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I've seen many people successfully get a thick lush carpet submerged. I'm growing an HC carpet this way in my two tanks right now (link in signature).

The most important thing is probably having a sufficiently high CO2 level. Are you injecting pressurized CO2?


Tony

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post #5 of 7 (permalink) Old 07-21-2011, 01:00 AM
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Quote:
Originally Posted by TLE041 View Post
I've seen many people successfully get a thick lush carpet submerged. I'm growing an HC carpet this way in my two tanks right now (link in signature).

The most important thing is probably having a sifficiently high CO2 level. Are you injecting pressurized CO2?
Bingo!
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post #6 of 7 (permalink) Old 07-21-2011, 01:19 AM
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Tank is about 3-4 weeks end from a DSM.

Plenty of other examples.

You can easily do a DSM using plain sand, but you need to spray or add ferts to the water you add to keep the roots moist.

There is no melting in transition, if so, why would this not also occur when you plant initially without doing the DSM???

This way, the plants have roots put down and only need to redo their leaves.
Also, bacteria and cycling are done and well in place.

If you start with a small amount of HC, you end up with 10X that much at the end of the DSM, so it cost less and is zero labor.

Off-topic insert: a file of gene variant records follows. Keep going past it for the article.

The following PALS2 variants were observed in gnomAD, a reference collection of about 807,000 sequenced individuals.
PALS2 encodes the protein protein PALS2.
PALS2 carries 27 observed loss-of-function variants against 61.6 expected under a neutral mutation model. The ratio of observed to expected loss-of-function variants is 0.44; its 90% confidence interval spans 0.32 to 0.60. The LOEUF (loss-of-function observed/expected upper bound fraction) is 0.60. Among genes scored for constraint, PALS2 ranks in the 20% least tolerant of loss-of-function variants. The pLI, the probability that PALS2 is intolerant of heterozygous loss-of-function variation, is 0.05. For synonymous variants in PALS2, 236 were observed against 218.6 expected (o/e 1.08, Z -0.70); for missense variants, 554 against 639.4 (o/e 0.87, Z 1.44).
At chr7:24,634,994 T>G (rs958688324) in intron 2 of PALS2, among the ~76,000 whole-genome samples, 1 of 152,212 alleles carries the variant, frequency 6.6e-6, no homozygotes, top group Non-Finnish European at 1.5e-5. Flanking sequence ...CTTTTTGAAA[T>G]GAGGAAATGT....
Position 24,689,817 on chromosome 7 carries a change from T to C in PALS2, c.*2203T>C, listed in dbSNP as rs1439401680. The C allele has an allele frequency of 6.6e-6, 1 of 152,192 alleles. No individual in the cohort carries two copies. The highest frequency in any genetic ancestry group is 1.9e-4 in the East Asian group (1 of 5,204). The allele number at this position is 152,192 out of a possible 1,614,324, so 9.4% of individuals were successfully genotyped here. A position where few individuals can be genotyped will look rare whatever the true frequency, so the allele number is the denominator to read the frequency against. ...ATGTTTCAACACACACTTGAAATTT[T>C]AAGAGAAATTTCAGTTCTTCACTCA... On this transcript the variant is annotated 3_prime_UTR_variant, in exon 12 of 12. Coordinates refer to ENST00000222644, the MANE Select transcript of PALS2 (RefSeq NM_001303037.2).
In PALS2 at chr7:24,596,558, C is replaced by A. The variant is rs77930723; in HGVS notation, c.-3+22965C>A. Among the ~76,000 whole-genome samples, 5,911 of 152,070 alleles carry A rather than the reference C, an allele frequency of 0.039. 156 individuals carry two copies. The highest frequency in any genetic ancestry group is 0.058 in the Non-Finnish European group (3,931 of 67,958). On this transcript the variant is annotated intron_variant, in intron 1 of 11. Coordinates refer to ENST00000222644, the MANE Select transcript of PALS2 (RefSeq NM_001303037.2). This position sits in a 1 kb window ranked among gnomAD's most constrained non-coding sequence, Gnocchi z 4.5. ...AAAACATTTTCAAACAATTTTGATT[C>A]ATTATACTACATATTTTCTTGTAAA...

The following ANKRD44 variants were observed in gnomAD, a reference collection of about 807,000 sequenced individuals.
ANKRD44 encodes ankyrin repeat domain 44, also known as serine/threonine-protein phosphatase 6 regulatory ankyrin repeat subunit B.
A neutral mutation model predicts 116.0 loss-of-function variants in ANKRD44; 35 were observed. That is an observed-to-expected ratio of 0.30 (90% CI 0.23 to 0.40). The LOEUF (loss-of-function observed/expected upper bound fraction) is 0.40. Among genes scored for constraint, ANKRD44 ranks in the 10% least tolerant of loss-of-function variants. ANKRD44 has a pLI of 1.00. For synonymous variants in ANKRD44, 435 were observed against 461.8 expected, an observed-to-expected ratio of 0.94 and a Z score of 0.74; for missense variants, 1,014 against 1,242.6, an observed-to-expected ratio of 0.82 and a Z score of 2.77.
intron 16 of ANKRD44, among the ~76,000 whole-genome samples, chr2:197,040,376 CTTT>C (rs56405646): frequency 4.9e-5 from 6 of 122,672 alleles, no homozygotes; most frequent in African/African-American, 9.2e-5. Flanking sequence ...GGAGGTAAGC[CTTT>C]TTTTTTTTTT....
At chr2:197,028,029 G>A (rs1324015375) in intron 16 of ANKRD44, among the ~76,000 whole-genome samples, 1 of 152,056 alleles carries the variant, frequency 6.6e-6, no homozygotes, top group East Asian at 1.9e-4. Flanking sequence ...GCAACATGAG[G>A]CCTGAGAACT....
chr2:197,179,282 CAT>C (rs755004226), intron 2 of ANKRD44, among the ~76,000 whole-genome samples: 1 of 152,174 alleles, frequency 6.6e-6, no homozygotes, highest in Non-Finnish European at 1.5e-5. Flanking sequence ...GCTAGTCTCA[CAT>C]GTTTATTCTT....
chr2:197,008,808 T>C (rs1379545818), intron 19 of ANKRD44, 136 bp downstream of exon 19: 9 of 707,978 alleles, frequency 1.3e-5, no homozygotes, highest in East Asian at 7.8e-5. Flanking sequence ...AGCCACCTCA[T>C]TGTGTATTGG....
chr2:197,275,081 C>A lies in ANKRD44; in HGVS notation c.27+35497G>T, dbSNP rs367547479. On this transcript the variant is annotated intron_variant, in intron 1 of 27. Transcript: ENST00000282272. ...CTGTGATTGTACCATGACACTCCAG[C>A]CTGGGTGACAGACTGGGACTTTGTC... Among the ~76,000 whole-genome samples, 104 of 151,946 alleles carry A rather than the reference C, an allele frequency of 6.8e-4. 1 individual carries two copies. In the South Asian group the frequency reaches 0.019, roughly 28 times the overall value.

This said, if you have fish etc.........then the DSM is sort of out unless you can house them elsewhere, so then you need to go the traditional route.
As far as good CO2 etc.........this will save regardless of DSM..........whether the plants are pre grown in or not, algae and poor growth with bad use of CO2, DSM will not save you.

It's just used to start up a tank without having to do many water changes and work with little plant biomass. Can you do the traditional way? Sure, does that way take more labor and work and risk? Sure.

I do both.




Regards,
Tom Barr
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post #7 of 7 (permalink) Old 07-21-2011, 01:30 AM Thread Starter
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Right now I have a 15g that finished cycling about three weeks ago. AT that point many Vals had melted while some are returning, and I had a bad algae problem.

I also have Cabomba (cabomba carolinia), some Elodea, and one other type I forgot besides the Vals.

Several days ago I introduced shrimp to help with the algae, AND I cut my lighting back a few hours each day.

Now,many plants are almost 100% free of algae, or what can be seen anyway.

My tank is low tech with no Co2 and a single tube T-8 thats 18" & 15 watt.

Probably next month I want to get a twin tube T5NO thats 14 watts per tube, 24" long and the tubes are 10000K & 6700K, plus I'll get a glass hood. The hood I have now is plastic & the light is 6" shorter than the tank needs IMO. It won't be exactly 2 WPG, but I think that it should be fine.

I used the graph that Hoppy did in order to help choose the light (twin T5NO instead of the HO tubes.

I'm thinking about a DIY Co2 system. Someone suggested using a "paintball" Co2 .

I don't understand how to set up a Co2 system yet but it looks like I'll be learning. In the process I just hope I don't kill any of my critters.